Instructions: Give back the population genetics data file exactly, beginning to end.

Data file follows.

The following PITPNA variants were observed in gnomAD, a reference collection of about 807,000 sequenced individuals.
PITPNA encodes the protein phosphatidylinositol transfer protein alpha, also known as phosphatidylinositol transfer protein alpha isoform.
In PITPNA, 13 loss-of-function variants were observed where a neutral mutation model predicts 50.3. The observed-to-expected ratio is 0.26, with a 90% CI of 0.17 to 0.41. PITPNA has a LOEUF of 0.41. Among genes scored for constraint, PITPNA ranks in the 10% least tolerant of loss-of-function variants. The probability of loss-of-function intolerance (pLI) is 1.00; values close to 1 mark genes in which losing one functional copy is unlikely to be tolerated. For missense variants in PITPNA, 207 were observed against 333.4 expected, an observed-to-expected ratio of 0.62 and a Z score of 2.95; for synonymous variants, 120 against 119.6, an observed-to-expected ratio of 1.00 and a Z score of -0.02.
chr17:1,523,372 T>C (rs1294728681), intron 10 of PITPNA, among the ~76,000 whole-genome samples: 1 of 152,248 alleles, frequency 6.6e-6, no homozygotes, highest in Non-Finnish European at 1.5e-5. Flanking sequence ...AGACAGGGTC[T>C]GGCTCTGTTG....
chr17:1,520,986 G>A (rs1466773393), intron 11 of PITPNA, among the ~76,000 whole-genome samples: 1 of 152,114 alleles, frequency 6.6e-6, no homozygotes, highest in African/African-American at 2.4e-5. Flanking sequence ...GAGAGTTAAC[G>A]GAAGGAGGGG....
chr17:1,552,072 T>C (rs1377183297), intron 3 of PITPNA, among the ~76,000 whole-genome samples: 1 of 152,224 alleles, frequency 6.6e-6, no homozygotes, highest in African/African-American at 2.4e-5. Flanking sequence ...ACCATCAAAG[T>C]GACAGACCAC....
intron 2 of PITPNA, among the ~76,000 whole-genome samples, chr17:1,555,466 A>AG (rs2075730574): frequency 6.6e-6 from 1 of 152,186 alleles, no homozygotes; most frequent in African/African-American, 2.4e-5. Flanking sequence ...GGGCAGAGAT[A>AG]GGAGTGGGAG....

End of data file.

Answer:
The following PITPNA variants were observed in gnomAD, a reference collection of about 807,000 sequenced individuals.
PITPNA encodes the protein phosphatidylinositol transfer protein alpha, also known as phosphatidylinositol transfer protein alpha isoform.
In PITPNA, 13 loss-of-function variants were observed where a neutral mutation model predicts 50.3. The observed-to-expected ratio is 0.26, with a 90% CI of 0.17 to 0.41. PITPNA has a LOEUF of 0.41. Among genes scored for constraint, PITPNA ranks in the 10% least tolerant of loss-of-function variants. The probability of loss-of-function intolerance (pLI) is 1.00; values close to 1 mark genes in which losing one functional copy is unlikely to be tolerated. For missense variants in PITPNA, 207 were observed against 333.4 expected, an observed-to-expected ratio of 0.62 and a Z score of 2.95; for synonymous variants, 120 against 119.6, an observed-to-expected ratio of 1.00 and a Z score of -0.02.
chr17:1,523,372 T>C (rs1294728681), intron 10 of PITPNA, among the ~76,000 whole-genome samples: 1 of 152,248 alleles, frequency 6.6e-6, no homozygotes, highest in Non-Finnish European at 1.5e-5. Flanking sequence ...AGACAGGGTC[T>C]GGCTCTGTTG....
chr17:1,520,986 G>A (rs1466773393), intron 11 of PITPNA, among the ~76,000 whole-genome samples: 1 of 152,114 alleles, frequency 6.6e-6, no homozygotes, highest in African/African-American at 2.4e-5. Flanking sequence ...GAGAGTTAAC[G>A]GAAGGAGGGG....
chr17:1,552,072 T>C (rs1377183297), intron 3 of PITPNA, among the ~76,000 whole-genome samples: 1 of 152,224 alleles, frequency 6.6e-6, no homozygotes, highest in African/African-American at 2.4e-5. Flanking sequence ...ACCATCAAAG[T>C]GACAGACCAC....
intron 2 of PITPNA, among the ~76,000 whole-genome samples, chr17:1,555,466 A>AG (rs2075730574): frequency 6.6e-6 from 1 of 152,186 alleles, no homozygotes; most frequent in African/African-American, 2.4e-5. Flanking sequence ...GGGCAGAGAT[A>AG]GGAGTGGGAG....